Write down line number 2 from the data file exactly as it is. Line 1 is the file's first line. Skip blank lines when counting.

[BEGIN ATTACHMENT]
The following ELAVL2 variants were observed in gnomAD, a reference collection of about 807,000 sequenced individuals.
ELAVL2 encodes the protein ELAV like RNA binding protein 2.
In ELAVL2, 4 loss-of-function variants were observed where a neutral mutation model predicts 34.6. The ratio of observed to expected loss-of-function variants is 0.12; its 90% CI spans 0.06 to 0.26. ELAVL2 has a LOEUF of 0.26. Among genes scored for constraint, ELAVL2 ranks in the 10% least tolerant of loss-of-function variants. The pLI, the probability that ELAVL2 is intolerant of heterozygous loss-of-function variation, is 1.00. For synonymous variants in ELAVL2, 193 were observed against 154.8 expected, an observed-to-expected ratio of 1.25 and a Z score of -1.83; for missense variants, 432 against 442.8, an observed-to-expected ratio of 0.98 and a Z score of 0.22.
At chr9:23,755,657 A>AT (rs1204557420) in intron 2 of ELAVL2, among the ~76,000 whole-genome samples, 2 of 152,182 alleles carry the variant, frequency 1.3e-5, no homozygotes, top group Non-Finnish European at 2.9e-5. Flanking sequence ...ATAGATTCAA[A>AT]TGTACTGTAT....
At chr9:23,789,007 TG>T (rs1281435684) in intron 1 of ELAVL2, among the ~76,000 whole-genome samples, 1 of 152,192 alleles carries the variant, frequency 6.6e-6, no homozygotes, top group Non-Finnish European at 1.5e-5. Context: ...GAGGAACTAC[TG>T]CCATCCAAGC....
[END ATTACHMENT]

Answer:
ELAVL2 encodes the protein ELAV like RNA binding protein 2.